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Five successes of the Boycott, Divestment and Sanctions movement

| February 26, 2014
Boycott by gmoorenater via flickr

2014 is the year of Solidarity with the Palestinian People according to the United Nations General Assembly. Now, more than ever before, activists are getting the word out about the Boycott, Divestment, Sanctions (BDS) campaign.

Originally a call to action by 170 Palestinian civil society organizations in July 2005, the BDS movement seeks to put international nonviolent pressure on Israel by limiting its cultural, academic and economic sway until the self-determination of the Palestinian people is respected. Specifically, the campaign demands Israel ends its occupation of Palestinian territory, recognize the right for equality for Palestinian people and allow Palestinian refugees to return to their properties. Where governments have failed to act, people have found ways to take meaningful action.

Not only has the BDS movement become a powerful force with a track record of successes, but it's a movement that has welcomed intersectional organizing. To inspire more amazing actions this Israeli Apartheid Week, here are the top five successes of the BDS movement so far:

1) Encouraging universities to divest through campus activism

Student and graduate student unions from around the world continue to show solidarity with the BDS campaign. There are nine university student unions that have voted to support BDS in Canada alone. By organizing to expose university investments and demand divestment, students have followed through on threats against companies supporting injustices in occupied Palestinian territory, leading to harsh an economic reality. Universities have divested millions of dollars from multinational companies with ties to Israel due to student pressure. In 2013, the University of Oslo terminated its contract with the security company used on campus, G4S, after successful student campaigns. Students in the United Kingdom have also been able to spur their universities to action, with contracts terminated at campuses in Edinburgh, Kent and Dundee.

With the sound support of scholars, academic boycotts have also brought injustices to light by refusing to attend academic conferences in Israel and cutting ties with scholars who support the current system of discrimination in Israel. Notably, Judith Butler, Noam Chomsky and Stephen Hawking have spoken out about BDS, just to name a few. In 2013 the American Studies Association adopted an academic boycott of Israel.

2) Spreading the movement through union organizing

Palestinian trade unions have successfully reached out to other workers; support for BDS policies has come from major international trade unions federations. Millions of members from countries like France, South Africa, Norway and Canada (and many more) have recognized the importance of standing in solidarity with the Palestinian people. Locally, The South African Municipal Workers Union set up campaigns to have "Israeli Apartheid free Zones," encouraging full divestment of cultural, academic, economic and sporting linkages with the Israeli government within municipalities. Trade union activists in Ireland and Australia have also run similar campaigns.   

3) Getting mainstream media attention through celebrities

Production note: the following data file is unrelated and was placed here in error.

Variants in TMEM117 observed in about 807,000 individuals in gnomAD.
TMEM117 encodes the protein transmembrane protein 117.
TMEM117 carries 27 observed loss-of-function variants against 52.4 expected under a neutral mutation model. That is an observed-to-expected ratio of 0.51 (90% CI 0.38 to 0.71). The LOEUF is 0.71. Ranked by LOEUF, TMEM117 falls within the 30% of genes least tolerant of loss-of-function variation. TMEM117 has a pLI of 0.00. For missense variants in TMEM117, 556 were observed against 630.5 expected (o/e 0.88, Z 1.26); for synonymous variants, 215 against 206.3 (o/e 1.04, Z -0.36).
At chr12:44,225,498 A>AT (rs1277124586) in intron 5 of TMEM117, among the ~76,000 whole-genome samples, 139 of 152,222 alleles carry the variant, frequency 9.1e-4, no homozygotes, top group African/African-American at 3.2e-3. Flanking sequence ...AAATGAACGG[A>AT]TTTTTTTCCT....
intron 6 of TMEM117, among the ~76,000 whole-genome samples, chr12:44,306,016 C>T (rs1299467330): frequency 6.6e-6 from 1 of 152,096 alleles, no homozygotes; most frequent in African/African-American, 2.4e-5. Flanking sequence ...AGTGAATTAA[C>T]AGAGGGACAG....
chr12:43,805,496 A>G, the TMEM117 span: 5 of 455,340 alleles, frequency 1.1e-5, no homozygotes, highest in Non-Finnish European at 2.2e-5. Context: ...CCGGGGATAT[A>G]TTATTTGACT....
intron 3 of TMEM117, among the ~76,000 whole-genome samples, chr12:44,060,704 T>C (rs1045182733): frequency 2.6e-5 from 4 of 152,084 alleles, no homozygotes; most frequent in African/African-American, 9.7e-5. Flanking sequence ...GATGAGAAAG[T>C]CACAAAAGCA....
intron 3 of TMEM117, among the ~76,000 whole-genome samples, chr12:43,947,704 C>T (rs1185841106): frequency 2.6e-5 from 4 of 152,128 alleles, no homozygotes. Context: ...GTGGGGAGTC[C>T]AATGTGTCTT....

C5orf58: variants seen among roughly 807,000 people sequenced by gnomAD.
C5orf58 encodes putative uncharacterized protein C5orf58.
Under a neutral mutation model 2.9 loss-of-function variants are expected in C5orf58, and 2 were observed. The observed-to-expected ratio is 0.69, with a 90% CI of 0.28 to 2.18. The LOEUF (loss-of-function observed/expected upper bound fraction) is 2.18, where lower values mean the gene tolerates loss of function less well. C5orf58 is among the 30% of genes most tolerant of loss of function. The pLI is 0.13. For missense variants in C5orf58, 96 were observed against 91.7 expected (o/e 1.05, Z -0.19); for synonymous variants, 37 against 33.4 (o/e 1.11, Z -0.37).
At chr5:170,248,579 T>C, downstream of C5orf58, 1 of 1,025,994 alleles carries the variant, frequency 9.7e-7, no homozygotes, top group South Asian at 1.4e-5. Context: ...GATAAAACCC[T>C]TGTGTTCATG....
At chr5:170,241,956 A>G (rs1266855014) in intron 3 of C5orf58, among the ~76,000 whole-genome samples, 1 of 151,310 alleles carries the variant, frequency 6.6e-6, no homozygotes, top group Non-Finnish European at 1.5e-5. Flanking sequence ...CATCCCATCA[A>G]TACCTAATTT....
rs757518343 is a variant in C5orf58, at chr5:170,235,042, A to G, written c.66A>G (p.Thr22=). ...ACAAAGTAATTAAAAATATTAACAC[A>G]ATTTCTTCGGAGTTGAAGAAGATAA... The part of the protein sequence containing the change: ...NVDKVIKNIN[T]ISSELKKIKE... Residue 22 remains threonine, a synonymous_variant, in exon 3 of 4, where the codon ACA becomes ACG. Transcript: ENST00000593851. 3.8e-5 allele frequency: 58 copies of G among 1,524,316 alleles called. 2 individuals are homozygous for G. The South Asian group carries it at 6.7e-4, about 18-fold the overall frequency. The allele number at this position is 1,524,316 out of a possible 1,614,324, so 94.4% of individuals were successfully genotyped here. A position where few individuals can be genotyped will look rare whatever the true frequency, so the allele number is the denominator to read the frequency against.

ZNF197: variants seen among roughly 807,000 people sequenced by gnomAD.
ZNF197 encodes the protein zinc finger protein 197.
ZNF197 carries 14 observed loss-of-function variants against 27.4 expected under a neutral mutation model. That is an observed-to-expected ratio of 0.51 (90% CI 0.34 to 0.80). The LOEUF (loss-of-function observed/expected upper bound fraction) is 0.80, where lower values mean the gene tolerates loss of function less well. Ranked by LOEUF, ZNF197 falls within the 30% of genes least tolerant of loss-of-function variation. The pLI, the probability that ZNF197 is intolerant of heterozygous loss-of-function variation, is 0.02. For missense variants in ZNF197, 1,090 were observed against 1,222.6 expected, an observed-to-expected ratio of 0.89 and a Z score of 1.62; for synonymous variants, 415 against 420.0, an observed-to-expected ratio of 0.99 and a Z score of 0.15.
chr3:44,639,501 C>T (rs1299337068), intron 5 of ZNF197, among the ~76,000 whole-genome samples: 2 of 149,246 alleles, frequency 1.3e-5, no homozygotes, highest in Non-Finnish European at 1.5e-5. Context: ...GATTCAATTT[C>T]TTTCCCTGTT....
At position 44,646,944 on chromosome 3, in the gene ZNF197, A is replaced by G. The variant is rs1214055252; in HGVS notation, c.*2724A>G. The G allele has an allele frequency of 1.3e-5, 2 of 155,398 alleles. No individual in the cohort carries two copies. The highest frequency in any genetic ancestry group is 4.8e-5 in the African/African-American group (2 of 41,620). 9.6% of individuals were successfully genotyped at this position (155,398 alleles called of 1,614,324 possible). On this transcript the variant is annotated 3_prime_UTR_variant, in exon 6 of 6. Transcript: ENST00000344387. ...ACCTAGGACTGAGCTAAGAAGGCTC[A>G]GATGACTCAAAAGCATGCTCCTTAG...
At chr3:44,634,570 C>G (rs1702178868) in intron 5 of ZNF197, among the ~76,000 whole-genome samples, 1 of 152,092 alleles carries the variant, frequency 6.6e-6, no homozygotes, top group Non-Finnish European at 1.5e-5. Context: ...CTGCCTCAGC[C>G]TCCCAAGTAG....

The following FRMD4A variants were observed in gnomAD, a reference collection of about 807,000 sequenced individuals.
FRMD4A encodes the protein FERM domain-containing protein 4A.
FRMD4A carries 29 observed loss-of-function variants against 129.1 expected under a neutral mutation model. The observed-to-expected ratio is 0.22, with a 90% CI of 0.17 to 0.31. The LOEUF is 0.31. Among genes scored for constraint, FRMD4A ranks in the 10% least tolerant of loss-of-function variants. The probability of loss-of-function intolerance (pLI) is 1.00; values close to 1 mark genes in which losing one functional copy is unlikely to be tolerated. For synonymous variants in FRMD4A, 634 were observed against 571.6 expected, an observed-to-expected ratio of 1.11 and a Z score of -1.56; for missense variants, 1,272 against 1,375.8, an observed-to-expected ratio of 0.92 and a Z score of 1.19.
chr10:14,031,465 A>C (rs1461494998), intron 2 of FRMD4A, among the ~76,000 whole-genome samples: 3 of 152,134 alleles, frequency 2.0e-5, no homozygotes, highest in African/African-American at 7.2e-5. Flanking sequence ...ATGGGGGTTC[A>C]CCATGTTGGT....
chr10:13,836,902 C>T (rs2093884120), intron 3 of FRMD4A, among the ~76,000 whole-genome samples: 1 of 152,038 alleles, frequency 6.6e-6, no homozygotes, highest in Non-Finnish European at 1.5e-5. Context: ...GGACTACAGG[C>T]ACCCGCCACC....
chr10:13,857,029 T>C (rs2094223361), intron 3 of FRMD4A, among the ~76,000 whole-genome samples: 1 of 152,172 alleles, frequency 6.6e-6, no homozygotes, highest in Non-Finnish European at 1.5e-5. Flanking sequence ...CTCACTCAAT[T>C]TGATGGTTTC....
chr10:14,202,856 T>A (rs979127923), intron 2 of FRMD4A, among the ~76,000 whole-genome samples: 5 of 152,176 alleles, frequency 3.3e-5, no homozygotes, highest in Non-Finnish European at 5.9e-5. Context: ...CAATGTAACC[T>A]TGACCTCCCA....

While academic actions have cracked the consciousness of the Ivory Tower, support from pop culture icons and celebrities have taken the BDS movement into mainstream conversations. Roger Waters, lyrist and bassist of Pink Floyd continues to be an outspoken ally, along with Elvis Costello, Alice Walker, Naomi Klein, Desmond Tutu and many others. BDS campaigns have targeted artists, authors and musicians performing in Israel to draw attention to human rights abuses. These campaigns have been extremely successfully, getting high-profile bands like The Killers and Carlos Santana to reconsider shows.   

4) Successfully organizing across movements

With a strong focus on queer rights, Israel has tried to distract from its colonial practices through pinkwashing (using progressive LGBTTI rights to whitewash institutionalized oppression of other marginalized folks). Groups like Queers Against Israeli Apartheid demonstrate the importance of intersectional organizing within the BDS movement. While Israel attempts to brand itself as the next LGBTTI hotspot, radical queer folks aren't buying it. Pink Watching Israel is a queer organization dedicated to BDS activism that has had many successful campaigns including convincing the International Lesbian, Gay, Bisexual, Transgender, Queer Youth and Student Organization to not host its global conference in Israel.  

5) Making companies supporting injustice unprofitable

Organizing targeted boycotts is one way that BDS campaigns are calling out specific companies with strong ties to receiving and giving support to the Israeli government and holding them economically accountable. Companies like G4S, the largest security company in the world, has lost millions in contracts terminated by universities and the European Union. G4S has been directly involved in the detention of Palestinians through Israeli prisons, many accused of practices of torture, and has supervised checkpoints on occupied territories.

Veolia, a transportation company responsible for rail systems leading from Israel into occupied Palestinian territory, lost a $4.26-billion contract in Boston thanks to the work of BDS organizers in the United States.  

Action against the Israeli company Sodastream has raised awareness and dropped the value of the company with successful consumer boycotts.

What actions are inspiring you this Israeli Apartheid Week? Let us know in the comments!



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